Our department is taking another key leap forward this week, and I think it’s vital for every member to know the details.
The past two years have seen a rapid advance in the use of body-worn cameras by police officers. Law enforcement agencies all over the country, conscious of the need to become more open and transparent, have been embracing this technology as the new standard in public safety.
As we have with so many other trends, our organization seeks not merely to follow, but to lead - as indeed we already have led, in advancing the frontiers of openness and transparency with innovations like the in-car camera.
The challenges of bringing body-worn cameras to an agency of our size are significant, yet I know we are more than capable of meeting them without any compromise to our other priorities. We understand this new technology comes at a cost, but we are committed to managing that cost so it does not interfere with ongoing efforts to raise the compensation of our officers to an appropriate level.
The first step will be a pilot program for supervisors that officially begins with a training session held today. The test program will run for 90 days and involve 3 groups of 24 supervisors. Most body cameras will be assigned to patrol districts, but some will be sent to support units like Special Operations, Mobile Reserve and SWAT.
To get a sense of which devices work best, at least two different camera models will be alternated among the participating sergeants. This will help us determine which type, or which mixture of types, will best serve our purpose.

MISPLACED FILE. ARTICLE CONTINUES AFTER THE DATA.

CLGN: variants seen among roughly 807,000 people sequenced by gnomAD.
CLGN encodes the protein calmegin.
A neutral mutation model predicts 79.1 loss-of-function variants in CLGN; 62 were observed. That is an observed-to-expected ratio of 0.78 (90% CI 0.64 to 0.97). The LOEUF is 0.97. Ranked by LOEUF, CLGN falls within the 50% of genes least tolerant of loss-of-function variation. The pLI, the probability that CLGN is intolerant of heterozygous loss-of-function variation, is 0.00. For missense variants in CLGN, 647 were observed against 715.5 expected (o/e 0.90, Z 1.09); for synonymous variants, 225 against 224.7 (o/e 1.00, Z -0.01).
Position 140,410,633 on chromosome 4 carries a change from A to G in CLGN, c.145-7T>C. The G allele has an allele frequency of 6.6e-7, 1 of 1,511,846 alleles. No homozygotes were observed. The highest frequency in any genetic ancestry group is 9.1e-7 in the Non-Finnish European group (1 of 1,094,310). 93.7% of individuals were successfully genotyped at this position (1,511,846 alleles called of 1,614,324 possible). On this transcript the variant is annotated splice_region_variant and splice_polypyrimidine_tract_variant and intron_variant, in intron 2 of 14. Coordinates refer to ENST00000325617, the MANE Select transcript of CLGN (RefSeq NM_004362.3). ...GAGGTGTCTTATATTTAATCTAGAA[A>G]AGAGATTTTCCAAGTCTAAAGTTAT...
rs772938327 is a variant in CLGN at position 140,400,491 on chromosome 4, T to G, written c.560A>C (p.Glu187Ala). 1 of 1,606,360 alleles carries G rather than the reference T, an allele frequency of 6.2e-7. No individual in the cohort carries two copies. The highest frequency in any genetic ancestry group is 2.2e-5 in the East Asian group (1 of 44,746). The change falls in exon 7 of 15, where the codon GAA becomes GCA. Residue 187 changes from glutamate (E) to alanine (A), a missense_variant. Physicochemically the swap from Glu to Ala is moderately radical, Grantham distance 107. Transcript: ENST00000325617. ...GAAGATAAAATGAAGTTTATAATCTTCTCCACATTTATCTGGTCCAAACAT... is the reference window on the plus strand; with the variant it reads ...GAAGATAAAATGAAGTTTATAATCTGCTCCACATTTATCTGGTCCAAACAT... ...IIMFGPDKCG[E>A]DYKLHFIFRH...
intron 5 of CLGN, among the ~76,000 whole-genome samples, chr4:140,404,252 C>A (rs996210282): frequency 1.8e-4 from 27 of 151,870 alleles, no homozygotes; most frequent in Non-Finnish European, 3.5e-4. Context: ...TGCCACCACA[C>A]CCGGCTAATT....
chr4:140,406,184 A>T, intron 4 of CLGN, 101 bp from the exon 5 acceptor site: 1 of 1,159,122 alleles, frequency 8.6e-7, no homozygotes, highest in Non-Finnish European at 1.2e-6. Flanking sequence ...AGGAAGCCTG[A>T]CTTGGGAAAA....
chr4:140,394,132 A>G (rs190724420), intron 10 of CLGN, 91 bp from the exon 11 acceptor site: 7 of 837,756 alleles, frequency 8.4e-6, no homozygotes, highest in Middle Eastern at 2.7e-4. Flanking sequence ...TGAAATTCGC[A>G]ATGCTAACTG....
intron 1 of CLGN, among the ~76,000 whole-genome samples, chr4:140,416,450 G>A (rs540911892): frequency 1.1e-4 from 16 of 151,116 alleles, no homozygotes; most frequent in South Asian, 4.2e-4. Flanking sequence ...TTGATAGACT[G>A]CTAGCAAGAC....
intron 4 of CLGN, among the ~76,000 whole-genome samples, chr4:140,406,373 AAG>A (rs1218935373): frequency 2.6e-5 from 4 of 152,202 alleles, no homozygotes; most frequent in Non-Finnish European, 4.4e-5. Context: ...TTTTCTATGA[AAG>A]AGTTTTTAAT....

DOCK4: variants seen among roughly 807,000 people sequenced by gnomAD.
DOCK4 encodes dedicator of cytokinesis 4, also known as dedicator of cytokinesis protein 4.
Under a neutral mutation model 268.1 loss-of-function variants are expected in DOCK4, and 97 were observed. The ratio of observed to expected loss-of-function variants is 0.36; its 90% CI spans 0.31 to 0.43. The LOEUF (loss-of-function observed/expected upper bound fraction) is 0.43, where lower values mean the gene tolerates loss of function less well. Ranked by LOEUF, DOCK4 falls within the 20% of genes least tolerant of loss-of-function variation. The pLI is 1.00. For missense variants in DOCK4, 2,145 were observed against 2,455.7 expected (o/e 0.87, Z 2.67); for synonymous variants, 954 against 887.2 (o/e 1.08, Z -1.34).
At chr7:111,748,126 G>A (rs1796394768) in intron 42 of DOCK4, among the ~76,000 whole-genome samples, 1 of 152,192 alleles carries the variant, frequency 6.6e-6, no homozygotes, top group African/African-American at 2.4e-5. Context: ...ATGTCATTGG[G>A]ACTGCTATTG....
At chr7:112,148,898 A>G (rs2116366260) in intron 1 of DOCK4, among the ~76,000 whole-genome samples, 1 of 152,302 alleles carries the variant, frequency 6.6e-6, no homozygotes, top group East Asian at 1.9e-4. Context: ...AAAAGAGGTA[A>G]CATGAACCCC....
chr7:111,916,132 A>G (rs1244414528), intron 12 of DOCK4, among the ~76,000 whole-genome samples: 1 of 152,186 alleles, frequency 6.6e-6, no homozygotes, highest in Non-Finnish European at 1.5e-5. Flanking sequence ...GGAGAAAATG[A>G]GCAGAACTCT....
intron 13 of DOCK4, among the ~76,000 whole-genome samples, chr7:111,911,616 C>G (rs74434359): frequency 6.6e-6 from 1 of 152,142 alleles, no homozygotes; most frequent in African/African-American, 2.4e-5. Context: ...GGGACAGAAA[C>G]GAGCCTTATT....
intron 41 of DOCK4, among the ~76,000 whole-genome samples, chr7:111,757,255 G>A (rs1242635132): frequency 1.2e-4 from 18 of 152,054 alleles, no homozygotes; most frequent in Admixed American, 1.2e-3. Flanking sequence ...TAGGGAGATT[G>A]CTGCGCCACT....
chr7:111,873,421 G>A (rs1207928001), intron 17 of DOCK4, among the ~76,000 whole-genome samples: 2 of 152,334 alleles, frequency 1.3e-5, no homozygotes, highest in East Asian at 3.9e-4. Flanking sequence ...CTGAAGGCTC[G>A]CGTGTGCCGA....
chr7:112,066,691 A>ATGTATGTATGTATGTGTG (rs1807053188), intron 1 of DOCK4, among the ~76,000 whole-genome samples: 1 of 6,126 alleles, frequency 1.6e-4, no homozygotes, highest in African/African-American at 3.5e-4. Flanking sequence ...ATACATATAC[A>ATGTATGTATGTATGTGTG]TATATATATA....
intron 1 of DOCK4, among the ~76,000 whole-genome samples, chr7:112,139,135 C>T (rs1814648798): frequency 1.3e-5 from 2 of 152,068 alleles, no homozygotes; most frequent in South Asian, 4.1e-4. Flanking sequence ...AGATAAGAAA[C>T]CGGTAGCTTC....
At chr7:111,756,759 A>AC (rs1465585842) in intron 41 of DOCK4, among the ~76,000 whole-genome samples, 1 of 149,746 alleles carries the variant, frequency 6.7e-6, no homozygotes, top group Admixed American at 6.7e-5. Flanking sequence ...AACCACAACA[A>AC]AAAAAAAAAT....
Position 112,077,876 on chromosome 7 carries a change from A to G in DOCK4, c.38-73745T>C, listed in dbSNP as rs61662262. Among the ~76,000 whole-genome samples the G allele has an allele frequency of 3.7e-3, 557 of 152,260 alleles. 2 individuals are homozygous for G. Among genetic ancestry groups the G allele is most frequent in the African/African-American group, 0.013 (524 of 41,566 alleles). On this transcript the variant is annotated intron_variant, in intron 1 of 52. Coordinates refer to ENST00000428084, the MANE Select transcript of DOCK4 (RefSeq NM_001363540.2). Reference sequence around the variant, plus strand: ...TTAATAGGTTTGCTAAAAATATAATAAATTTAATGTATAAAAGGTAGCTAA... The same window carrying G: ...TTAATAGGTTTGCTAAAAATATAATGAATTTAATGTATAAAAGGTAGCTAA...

Those taking part will complete a user evaluation, designed to discover any problems or concerns arising in the implementation process. In the spirit of collaboration with our employees, the feedback from those reports will later be used to revise our policies and inform our strategy ahead of any wider roll-out.
There are, of course, numerous questions still to be answered. Of particular interest at this stage of the process is the body camera workflow process. What are the best ways to handle tasks like docking the cameras, uploading the footage, tagging and categorizing the resultant files, defining access privileges for the system, and integrating it with I-Leads, to name just a few. At the same time, we know there are also important moral and legal issues to be considered, like how to weigh the privacy concerns of citizens beside the goals of public safety, and how to balance the need for Sunshine Law access with the cost of data storage and retrieval. In many ways, this pilot program will be starting out ahead of the social and political curve, as we wait for legislative authorities to catch up to the questions raised by this evolving technology.
Answering those questions with hard data and real-world experience is one of the main things this pilot program is meant to accomplish.
But it isn’t the only thing. Another equally important reason why we are proceeding this way is not technological, but personal. We want our officers to understand and feel confident in a body camera system, just as we want them to understand and feel confident in any other piece of equipment they carry on the job. The pilot gives everyone a chance to learn about the new technology. This is why we have made body cameras part of our discussions in the collective bargaining process and this is why we will forthrightly share what we learn in the pilot with department members along the way.
We take this step knowing that it will further our mission in at least three crucial ways: first, by capturing evidence and helping us get criminals convicted; second, by reducing complaints; and third, by building greater trust between the police and the public we are sworn to protect. We take this step with our eyes wide open, and with the knowledge that life safety – including officer safety – is and always will be our highest priority.